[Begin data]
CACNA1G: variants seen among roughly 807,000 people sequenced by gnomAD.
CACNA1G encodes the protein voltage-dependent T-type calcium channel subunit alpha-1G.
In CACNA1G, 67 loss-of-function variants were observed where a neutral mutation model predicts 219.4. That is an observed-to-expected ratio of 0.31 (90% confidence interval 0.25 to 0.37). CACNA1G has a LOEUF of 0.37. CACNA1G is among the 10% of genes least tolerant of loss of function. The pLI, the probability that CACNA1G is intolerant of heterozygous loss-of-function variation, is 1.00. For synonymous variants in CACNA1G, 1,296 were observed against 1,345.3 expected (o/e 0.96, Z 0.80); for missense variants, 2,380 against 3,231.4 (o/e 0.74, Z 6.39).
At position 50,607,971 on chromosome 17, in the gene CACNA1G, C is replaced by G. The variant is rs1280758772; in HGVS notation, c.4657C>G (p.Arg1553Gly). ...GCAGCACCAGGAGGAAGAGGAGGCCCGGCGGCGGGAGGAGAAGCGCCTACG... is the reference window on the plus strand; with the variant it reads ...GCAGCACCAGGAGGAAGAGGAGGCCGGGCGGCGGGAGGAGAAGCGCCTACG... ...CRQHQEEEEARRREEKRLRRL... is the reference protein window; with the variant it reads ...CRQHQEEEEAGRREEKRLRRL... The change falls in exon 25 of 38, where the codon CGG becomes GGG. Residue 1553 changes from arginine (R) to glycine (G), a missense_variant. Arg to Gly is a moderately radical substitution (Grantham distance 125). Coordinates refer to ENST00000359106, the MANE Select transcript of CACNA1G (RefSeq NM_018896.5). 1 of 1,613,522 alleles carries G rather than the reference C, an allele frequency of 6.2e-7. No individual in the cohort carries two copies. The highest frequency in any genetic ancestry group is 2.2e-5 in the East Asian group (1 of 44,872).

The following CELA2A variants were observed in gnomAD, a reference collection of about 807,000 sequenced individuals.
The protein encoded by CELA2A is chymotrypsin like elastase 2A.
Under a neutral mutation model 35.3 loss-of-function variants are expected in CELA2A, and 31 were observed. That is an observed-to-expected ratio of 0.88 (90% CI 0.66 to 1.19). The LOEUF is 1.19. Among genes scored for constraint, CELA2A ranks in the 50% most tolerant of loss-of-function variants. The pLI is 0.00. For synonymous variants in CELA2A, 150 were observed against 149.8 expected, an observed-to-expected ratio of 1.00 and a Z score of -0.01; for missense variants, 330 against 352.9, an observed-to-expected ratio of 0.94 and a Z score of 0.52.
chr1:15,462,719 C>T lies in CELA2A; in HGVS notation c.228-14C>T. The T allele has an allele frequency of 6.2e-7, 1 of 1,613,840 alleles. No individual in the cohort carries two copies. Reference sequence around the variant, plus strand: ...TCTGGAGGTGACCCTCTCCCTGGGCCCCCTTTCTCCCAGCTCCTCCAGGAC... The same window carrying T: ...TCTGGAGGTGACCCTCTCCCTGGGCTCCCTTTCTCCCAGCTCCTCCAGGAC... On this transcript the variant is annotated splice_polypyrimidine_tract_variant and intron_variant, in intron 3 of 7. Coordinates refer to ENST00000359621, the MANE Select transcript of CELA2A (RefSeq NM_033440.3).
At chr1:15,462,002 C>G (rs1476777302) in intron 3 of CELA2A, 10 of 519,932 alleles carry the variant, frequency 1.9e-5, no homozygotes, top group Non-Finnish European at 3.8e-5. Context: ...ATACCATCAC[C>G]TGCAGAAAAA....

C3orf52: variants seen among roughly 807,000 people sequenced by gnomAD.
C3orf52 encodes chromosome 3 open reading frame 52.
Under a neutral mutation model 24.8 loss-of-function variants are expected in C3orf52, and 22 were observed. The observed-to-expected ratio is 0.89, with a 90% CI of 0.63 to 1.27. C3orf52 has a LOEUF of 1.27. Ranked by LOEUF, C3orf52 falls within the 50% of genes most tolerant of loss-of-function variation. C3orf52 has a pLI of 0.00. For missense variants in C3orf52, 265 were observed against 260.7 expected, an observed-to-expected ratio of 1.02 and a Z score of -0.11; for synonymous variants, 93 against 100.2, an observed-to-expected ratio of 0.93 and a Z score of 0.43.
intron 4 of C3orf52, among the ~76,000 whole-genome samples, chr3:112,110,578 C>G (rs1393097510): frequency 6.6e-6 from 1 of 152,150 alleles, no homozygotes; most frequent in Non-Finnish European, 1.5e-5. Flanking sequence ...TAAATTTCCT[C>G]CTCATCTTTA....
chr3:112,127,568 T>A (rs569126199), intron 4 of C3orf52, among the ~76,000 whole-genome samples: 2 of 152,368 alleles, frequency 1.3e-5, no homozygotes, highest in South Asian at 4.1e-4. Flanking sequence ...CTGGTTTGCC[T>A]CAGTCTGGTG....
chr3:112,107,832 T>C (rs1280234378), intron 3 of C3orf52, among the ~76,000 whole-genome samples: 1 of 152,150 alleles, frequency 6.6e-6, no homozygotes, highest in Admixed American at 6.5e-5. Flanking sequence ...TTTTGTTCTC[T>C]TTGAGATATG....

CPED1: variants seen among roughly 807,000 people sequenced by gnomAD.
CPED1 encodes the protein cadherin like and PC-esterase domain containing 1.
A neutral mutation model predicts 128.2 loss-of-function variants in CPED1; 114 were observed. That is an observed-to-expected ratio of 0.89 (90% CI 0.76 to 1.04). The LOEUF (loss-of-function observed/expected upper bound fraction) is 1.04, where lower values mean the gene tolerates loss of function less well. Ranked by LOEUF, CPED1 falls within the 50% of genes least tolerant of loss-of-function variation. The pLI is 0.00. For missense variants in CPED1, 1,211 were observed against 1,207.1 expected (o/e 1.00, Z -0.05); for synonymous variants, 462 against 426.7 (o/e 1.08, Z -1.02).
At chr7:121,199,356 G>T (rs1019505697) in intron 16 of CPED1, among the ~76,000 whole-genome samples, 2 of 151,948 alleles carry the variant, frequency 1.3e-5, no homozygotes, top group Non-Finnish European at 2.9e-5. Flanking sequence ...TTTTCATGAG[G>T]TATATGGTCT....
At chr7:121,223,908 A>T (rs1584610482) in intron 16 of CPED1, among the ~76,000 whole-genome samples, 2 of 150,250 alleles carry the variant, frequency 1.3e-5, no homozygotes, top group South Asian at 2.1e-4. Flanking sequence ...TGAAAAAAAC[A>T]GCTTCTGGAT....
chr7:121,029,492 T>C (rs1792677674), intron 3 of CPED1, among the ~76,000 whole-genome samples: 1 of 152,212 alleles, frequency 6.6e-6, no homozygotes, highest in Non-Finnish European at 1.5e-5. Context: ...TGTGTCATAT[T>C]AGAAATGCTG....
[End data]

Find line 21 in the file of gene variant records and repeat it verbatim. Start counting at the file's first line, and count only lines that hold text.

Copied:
chr7:121,029,492 T>C (rs1792677674), intron 3 of CPED1, among the ~76,000 whole-genome samples: 1 of 152,212 alleles, frequency 6.6e-6, no homozygotes, highest in Non-Finnish European at 1.5e-5. Context: ...TGTGTCATAT[T>C]AGAAATGCTG....